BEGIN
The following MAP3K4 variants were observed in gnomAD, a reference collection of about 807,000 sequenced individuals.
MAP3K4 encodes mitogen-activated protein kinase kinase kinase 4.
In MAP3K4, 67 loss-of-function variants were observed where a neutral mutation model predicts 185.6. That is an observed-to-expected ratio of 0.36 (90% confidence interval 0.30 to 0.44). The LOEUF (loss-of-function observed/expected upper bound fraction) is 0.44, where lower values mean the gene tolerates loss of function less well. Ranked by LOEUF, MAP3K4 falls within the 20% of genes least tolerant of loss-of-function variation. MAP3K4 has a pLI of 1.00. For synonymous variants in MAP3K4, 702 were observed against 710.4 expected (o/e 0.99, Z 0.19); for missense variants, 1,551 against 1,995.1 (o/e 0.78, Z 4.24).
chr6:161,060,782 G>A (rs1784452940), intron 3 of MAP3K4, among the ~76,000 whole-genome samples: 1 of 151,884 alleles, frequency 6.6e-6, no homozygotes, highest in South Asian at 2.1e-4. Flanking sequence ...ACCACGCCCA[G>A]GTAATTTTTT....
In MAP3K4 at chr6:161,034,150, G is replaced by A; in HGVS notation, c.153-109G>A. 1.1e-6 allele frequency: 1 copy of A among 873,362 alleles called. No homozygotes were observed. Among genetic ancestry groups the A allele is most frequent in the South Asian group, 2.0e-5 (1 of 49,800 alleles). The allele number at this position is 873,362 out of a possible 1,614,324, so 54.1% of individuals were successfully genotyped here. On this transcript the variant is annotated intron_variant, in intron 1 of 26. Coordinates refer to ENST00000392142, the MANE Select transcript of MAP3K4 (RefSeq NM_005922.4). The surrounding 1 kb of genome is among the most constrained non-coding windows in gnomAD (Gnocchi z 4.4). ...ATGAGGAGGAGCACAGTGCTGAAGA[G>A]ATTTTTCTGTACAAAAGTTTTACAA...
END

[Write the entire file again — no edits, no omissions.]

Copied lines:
The following MAP3K4 variants were observed in gnomAD, a reference collection of about 807,000 sequenced individuals.
MAP3K4 encodes mitogen-activated protein kinase kinase kinase 4.
In MAP3K4, 67 loss-of-function variants were observed where a neutral mutation model predicts 185.6. That is an observed-to-expected ratio of 0.36 (90% confidence interval 0.30 to 0.44). The LOEUF (loss-of-function observed/expected upper bound fraction) is 0.44, where lower values mean the gene tolerates loss of function less well. Ranked by LOEUF, MAP3K4 falls within the 20% of genes least tolerant of loss-of-function variation. MAP3K4 has a pLI of 1.00. For synonymous variants in MAP3K4, 702 were observed against 710.4 expected (o/e 0.99, Z 0.19); for missense variants, 1,551 against 1,995.1 (o/e 0.78, Z 4.24).
chr6:161,060,782 G>A (rs1784452940), intron 3 of MAP3K4, among the ~76,000 whole-genome samples: 1 of 151,884 alleles, frequency 6.6e-6, no homozygotes, highest in South Asian at 2.1e-4. Flanking sequence ...ACCACGCCCA[G>A]GTAATTTTTT....
In MAP3K4 at chr6:161,034,150, G is replaced by A; in HGVS notation, c.153-109G>A. 1.1e-6 allele frequency: 1 copy of A among 873,362 alleles called. No homozygotes were observed. Among genetic ancestry groups the A allele is most frequent in the South Asian group, 2.0e-5 (1 of 49,800 alleles). The allele number at this position is 873,362 out of a possible 1,614,324, so 54.1% of individuals were successfully genotyped here. On this transcript the variant is annotated intron_variant, in intron 1 of 26. Coordinates refer to ENST00000392142, the MANE Select transcript of MAP3K4 (RefSeq NM_005922.4). The surrounding 1 kb of genome is among the most constrained non-coding windows in gnomAD (Gnocchi z 4.4). ...ATGAGGAGGAGCACAGTGCTGAAGA[G>A]ATTTTTCTGTACAAAAGTTTTACAA...